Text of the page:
As humans, we've been equipped with an organ that allows us to think, although some people don't seem to use it to its full extent when they're shopping. Snakes are reptiles that receive stimuli, and usually their response is to bite; when we shop we receive stimuli and our response is to buy.
I know, you've heard this before: think about that purchase before you buy. As my late mother used to say, "Season the thought." Research has shown the more you think about doing something, the more rational the action will be. That would also include buying.
When I was young, my father had a lot of money. All I had to do was go to a toy store, point to the item I wanted, and it magically appeared in my room at home. When I was eight years old, all that went away when my father's business almost went bankrupt. At that time I had to work to earn money to buy the things I was used to having brought to me.
That involved saving money (what a concept) in order to buy the item. Then, when I would go to the store to buy the toy I had saved for (after thinking for a long time about making the purchase,) one of two things occurred: either I bought the toy and I knew it was truly mine; no one could take it away from me, no one could tell me when I could play with it, and when I discarded it (if ever,) it was threadbare. Or...I would go to the store with my money to purchase the toy, and it didn't have all that shine when I first saw it, so I didn't buy it after all. I would say that even the times when I would buy the toy, it was a good decision, because I had thought it out for a long time.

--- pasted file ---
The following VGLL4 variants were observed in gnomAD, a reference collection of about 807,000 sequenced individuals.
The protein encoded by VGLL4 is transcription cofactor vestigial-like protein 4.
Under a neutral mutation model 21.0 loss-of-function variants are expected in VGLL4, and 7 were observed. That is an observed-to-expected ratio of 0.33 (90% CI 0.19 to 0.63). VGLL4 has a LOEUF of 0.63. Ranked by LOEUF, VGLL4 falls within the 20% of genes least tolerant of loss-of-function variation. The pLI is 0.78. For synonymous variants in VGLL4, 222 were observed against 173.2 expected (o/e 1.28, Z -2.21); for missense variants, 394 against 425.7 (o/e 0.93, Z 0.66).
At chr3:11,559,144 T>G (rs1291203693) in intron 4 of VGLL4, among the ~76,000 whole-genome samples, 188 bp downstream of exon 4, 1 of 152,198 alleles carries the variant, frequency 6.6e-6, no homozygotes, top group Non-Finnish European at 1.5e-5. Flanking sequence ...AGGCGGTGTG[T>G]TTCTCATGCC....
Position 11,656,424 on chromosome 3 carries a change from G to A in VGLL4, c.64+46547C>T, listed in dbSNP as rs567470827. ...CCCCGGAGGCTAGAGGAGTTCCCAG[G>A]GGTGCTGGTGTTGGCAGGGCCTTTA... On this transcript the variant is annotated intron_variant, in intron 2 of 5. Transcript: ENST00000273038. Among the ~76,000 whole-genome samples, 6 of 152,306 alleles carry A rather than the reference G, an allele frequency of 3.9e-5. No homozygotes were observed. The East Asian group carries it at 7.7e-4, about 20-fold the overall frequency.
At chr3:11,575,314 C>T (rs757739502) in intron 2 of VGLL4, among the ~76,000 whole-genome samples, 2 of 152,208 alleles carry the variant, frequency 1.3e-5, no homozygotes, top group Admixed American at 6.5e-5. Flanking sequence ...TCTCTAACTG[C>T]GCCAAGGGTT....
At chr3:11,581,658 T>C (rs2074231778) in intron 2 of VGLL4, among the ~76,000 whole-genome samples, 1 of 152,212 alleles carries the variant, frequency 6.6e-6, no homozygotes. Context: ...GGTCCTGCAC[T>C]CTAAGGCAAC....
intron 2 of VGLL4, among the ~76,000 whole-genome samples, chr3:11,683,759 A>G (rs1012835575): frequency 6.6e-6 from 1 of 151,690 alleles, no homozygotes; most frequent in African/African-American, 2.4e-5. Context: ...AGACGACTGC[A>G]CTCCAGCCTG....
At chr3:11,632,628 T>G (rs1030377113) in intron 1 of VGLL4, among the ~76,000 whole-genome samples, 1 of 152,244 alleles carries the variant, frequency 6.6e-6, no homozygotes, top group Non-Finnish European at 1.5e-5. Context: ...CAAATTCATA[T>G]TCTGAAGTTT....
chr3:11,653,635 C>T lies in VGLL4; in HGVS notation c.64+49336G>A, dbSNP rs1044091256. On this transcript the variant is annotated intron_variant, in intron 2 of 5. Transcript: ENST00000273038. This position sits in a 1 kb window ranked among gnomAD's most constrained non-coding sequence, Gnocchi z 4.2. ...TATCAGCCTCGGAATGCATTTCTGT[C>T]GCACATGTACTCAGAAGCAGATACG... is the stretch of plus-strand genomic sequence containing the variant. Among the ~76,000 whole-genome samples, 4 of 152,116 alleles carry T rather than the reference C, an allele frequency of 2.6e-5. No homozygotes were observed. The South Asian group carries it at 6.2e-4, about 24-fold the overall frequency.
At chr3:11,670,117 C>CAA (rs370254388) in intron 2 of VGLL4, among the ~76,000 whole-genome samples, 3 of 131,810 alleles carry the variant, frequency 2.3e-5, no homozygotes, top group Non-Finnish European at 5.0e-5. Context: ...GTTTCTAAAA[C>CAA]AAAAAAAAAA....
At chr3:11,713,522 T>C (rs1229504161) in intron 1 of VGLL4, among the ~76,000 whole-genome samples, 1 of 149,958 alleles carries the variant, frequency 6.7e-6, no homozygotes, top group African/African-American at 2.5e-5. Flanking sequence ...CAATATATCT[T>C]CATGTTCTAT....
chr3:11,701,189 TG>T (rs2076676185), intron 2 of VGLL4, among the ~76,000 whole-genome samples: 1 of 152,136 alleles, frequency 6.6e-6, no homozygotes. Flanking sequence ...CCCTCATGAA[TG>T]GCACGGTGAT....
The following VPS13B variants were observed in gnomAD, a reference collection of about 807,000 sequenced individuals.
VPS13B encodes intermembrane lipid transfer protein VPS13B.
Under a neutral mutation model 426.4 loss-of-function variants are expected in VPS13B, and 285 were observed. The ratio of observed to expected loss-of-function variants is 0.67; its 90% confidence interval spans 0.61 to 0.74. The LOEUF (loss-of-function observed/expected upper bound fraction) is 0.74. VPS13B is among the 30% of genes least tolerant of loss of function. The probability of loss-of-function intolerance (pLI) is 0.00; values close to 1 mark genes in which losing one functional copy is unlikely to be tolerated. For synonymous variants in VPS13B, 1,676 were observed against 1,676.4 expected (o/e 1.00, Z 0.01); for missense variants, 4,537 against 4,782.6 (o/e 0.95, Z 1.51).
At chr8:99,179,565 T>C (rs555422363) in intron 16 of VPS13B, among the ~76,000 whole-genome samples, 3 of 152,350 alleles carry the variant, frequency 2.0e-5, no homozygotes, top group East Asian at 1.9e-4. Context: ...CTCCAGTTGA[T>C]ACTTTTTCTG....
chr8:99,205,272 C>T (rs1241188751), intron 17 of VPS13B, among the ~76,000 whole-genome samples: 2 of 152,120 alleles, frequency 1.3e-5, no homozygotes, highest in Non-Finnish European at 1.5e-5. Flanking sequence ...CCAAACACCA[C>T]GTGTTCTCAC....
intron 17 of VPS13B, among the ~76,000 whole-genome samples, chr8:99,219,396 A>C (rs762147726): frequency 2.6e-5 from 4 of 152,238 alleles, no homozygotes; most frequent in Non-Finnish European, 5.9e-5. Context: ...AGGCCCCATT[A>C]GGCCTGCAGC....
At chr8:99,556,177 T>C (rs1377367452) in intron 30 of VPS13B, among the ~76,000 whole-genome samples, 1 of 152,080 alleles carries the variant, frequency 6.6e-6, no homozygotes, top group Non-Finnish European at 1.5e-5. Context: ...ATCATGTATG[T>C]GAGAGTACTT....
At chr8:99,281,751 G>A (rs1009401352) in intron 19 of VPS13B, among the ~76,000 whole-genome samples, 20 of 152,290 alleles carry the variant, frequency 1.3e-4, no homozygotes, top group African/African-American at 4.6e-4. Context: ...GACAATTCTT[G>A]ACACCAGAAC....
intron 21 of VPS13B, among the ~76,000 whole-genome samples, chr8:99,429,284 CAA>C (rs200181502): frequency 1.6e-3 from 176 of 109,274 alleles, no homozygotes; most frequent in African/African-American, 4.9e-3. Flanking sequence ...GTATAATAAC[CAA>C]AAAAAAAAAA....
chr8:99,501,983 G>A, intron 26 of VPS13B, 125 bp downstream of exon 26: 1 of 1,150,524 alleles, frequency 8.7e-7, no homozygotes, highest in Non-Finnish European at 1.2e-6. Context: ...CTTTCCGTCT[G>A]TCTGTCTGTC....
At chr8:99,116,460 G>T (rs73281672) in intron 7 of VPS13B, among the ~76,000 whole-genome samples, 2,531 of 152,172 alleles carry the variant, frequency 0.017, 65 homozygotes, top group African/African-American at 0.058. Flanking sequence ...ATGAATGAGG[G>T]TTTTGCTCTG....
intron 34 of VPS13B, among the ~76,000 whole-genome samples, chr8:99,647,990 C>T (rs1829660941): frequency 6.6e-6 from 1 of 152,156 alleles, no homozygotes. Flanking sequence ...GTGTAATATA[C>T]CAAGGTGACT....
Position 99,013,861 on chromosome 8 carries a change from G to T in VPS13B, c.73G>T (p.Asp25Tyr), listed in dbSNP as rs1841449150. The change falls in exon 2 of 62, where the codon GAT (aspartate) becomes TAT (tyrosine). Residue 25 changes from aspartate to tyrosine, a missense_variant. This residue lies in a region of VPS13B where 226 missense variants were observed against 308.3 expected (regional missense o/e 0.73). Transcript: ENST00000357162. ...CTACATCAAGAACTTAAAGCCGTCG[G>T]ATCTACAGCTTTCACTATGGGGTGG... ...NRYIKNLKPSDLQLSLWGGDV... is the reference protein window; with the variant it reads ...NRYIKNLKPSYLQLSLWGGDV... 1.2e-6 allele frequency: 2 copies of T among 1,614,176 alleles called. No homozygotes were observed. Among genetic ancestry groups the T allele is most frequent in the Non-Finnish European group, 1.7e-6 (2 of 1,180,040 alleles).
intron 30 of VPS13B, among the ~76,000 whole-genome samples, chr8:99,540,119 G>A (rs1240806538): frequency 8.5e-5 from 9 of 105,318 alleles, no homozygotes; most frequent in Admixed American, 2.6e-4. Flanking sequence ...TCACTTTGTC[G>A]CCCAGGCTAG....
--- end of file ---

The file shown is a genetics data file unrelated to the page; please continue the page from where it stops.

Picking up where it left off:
Something else I learned at that time, which is the basis for the patent on which the Liquid financial application is built, is that I mentally converted the price of the object I was getting ready to buy to the time it took me to earn the money to buy it. So, if I earned $2 per hour, and the item was $4, it really cost me two hours of my time.
Not only was this another step in the decision-making process of making a purchase, which made me think more about the purchase, it established the true cost of the item. You see, the price of anything is the same to everyone, it's the cost that's totally different, the cost being the velocity the dollars roll into our pockets.
The next time you see something you really want, do you think if you thought about it for a day or two you'd still want to buy the item? Do you think if you knew how long you had to work to buy the item you might make a different decision? Do you think either or both of these strategies could save you a lot of money in the long run?